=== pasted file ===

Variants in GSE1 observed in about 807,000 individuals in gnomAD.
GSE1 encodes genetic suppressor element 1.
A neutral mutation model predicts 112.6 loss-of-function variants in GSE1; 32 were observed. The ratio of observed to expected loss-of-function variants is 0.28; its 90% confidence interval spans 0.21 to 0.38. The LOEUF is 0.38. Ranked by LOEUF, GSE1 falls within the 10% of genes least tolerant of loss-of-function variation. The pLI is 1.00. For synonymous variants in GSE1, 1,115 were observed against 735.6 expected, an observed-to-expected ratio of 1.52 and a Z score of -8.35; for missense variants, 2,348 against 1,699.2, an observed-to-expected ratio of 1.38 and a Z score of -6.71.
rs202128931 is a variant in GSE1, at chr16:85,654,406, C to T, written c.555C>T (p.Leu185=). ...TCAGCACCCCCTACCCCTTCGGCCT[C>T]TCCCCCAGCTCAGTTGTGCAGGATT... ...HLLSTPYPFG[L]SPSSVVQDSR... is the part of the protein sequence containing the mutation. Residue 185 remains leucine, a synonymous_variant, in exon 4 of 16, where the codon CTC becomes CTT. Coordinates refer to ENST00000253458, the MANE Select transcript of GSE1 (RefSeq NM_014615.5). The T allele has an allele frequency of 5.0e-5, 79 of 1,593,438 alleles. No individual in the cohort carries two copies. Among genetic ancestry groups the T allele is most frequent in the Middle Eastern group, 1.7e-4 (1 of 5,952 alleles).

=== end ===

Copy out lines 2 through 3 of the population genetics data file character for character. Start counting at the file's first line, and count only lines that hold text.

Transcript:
GSE1 encodes genetic suppressor element 1.
A neutral mutation model predicts 112.6 loss-of-function variants in GSE1; 32 were observed. The ratio of observed to expected loss-of-function variants is 0.28; its 90% confidence interval spans 0.21 to 0.38. The LOEUF is 0.38. Ranked by LOEUF, GSE1 falls within the 10% of genes least tolerant of loss-of-function variation. The pLI is 1.00. For synonymous variants in GSE1, 1,115 were observed against 735.6 expected, an observed-to-expected ratio of 1.52 and a Z score of -8.35; for missense variants, 2,348 against 1,699.2, an observed-to-expected ratio of 1.38 and a Z score of -6.71.